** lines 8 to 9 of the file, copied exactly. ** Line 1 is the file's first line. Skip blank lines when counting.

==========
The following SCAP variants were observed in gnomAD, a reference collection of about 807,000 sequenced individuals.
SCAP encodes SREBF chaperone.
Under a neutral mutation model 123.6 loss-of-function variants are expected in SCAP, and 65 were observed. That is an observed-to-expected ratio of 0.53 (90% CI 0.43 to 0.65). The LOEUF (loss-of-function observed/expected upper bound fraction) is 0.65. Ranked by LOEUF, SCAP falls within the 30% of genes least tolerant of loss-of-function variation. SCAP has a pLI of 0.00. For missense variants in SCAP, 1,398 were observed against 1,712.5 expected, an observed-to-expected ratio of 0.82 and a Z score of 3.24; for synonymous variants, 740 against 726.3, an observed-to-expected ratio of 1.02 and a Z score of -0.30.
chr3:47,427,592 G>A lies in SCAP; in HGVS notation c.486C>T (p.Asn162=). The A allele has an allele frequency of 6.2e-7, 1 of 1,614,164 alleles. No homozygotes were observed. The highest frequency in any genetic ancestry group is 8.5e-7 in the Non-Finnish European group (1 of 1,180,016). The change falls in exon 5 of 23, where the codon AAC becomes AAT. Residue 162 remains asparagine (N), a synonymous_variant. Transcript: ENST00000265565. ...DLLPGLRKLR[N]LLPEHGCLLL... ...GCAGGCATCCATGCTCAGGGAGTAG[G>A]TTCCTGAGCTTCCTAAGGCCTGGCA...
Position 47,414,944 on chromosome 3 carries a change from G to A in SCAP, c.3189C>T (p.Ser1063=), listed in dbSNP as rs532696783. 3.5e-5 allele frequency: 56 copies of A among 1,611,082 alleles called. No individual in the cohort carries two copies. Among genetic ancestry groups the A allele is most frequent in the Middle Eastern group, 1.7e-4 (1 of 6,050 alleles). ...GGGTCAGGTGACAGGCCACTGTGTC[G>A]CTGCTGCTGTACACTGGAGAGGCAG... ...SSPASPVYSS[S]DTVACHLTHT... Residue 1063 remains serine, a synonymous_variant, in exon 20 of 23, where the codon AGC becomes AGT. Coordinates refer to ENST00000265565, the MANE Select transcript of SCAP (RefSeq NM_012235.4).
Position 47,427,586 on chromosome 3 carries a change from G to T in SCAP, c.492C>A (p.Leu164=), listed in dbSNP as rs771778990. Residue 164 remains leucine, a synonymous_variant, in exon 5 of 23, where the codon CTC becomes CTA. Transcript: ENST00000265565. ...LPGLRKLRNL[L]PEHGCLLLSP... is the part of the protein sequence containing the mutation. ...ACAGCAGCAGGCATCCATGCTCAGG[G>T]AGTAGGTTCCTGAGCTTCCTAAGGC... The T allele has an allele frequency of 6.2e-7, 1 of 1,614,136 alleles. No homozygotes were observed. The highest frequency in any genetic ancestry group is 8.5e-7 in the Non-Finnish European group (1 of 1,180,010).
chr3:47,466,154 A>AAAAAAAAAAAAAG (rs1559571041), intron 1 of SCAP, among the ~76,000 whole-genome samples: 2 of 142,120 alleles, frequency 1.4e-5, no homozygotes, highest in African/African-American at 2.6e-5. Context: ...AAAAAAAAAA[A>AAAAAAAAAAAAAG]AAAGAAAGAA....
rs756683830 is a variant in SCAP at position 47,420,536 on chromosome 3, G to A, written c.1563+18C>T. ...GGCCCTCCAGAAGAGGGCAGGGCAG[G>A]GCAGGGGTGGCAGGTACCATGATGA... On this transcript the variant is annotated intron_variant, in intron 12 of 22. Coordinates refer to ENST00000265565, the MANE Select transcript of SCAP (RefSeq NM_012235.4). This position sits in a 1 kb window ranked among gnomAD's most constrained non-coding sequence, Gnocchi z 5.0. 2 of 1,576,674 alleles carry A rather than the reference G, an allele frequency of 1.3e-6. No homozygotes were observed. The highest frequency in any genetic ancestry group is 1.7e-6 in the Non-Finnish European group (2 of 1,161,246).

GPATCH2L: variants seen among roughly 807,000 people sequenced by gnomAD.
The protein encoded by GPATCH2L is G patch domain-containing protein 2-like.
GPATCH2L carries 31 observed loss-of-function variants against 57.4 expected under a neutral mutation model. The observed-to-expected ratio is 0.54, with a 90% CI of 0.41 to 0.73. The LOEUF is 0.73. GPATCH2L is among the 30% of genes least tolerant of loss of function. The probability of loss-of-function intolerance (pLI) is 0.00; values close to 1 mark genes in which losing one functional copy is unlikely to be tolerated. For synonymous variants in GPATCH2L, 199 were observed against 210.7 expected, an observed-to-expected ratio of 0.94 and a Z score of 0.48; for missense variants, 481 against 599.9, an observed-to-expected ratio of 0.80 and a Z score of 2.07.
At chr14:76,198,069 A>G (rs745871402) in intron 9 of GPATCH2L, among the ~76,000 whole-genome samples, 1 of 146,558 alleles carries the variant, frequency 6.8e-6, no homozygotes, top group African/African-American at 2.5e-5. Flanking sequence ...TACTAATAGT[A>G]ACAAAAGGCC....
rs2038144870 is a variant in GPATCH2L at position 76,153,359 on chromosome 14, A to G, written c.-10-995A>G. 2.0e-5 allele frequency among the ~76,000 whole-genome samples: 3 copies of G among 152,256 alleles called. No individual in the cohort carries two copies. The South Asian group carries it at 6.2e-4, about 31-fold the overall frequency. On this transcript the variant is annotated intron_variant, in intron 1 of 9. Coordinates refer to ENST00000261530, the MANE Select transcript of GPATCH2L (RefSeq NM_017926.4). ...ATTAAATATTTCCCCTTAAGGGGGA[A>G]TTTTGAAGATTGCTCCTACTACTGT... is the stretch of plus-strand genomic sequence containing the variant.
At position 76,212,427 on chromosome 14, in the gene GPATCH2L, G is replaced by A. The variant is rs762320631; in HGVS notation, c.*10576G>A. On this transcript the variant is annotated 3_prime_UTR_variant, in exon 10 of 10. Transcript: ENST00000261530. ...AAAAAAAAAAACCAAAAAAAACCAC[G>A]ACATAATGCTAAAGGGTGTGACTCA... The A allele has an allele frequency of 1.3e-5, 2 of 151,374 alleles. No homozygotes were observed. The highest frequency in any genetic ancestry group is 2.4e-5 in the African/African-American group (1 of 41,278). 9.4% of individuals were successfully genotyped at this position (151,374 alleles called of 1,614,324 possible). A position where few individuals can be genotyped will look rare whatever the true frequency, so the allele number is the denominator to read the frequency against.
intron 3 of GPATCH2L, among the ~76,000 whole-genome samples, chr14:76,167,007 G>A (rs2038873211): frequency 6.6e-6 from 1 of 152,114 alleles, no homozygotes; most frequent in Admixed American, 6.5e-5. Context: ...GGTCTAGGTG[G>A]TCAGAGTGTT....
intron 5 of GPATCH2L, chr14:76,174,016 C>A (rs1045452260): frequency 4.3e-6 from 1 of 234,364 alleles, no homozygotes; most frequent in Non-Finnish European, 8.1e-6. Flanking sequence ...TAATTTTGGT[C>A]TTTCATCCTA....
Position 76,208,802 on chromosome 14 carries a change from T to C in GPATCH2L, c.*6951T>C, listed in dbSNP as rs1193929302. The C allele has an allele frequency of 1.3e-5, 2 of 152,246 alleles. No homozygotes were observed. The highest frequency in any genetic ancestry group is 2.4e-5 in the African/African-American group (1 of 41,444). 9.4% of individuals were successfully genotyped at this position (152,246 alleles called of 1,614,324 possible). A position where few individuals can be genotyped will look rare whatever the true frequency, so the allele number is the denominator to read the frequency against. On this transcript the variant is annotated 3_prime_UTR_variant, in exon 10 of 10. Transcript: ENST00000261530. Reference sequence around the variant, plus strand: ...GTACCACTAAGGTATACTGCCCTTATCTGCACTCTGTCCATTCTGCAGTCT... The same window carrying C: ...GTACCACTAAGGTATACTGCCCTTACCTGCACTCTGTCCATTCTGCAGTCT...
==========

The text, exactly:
rs756683830 is a variant in SCAP at position 47,420,536 on chromosome 3, G to A, written c.1563+18C>T. ...GGCCCTCCAGAAGAGGGCAGGGCAG[G>A]GCAGGGGTGGCAGGTACCATGATGA... On this transcript the variant is annotated intron_variant, in intron 12 of 22. Coordinates refer to ENST00000265565, the MANE Select transcript of SCAP (RefSeq NM_012235.4). This position sits in a 1 kb window ranked among gnomAD's most constrained non-coding sequence, Gnocchi z 5.0. 2 of 1,576,674 alleles carry A rather than the reference G, an allele frequency of 1.3e-6. No homozygotes were observed. The highest frequency in any genetic ancestry group is 1.7e-6 in the Non-Finnish European group (2 of 1,161,246).

GPATCH2L: variants seen among roughly 807,000 people sequenced by gnomAD.